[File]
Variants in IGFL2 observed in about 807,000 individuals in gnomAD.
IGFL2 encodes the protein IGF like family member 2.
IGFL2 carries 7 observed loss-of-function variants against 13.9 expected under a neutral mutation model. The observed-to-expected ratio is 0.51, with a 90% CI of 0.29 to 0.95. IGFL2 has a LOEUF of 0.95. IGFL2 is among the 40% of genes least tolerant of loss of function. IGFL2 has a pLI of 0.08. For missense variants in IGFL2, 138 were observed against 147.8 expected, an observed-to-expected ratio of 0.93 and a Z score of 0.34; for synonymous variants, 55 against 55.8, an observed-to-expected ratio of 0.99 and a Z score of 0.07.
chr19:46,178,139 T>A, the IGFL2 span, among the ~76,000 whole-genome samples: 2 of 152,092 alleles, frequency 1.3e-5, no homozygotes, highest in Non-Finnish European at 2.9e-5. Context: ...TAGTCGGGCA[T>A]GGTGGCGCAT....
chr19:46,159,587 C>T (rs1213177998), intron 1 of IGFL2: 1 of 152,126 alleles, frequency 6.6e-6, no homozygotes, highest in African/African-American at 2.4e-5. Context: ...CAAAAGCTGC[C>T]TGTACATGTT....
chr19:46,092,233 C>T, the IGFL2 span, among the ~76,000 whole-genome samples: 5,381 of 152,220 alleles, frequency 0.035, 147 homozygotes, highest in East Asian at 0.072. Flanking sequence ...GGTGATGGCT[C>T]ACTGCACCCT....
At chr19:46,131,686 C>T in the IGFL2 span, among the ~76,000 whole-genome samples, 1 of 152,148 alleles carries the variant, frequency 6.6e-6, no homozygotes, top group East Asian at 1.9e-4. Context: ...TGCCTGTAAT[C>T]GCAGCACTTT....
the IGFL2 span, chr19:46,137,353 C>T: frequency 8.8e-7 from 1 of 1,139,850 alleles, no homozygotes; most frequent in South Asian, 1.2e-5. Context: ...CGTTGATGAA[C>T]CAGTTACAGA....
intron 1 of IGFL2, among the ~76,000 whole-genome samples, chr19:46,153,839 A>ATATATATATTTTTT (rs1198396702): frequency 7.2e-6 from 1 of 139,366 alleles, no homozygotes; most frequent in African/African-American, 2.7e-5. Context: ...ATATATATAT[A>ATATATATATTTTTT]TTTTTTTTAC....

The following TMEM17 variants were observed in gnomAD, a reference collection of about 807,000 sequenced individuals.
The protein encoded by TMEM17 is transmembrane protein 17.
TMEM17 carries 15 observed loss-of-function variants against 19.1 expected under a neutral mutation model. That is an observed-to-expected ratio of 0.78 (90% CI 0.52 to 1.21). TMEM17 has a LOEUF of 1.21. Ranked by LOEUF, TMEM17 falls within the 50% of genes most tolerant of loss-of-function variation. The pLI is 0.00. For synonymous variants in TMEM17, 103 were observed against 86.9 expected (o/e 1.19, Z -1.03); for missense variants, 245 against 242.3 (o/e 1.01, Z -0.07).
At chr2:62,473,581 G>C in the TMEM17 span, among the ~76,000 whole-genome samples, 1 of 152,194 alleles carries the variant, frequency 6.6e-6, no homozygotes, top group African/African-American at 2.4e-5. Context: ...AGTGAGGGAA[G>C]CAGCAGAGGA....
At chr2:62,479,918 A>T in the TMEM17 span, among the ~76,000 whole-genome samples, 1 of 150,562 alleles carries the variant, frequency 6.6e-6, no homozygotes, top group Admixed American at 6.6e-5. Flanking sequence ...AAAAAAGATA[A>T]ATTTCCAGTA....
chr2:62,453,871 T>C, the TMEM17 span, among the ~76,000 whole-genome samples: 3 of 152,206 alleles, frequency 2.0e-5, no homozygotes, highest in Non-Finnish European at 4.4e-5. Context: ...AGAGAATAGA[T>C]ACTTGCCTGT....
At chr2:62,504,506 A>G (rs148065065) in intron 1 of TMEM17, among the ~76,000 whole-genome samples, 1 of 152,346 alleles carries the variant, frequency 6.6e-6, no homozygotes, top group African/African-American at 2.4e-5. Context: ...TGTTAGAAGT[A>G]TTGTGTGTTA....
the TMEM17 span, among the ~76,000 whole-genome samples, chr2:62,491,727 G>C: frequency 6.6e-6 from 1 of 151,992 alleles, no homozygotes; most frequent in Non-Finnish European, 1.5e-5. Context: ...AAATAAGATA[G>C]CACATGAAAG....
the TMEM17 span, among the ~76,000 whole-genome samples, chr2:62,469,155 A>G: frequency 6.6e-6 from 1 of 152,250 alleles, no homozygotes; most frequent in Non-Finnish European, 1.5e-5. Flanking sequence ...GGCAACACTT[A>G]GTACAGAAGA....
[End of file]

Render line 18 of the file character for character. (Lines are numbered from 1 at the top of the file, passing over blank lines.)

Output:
the TMEM17 span, among the ~76,000 whole-genome samples, chr2:62,469,155 A>G: frequency 6.6e-6 from 1 of 152,250 alleles, no homozygotes; most frequent in Non-Finnish European, 1.5e-5. Flanking sequence ...GGCAACACTT[A>G]GTACAGAAGA....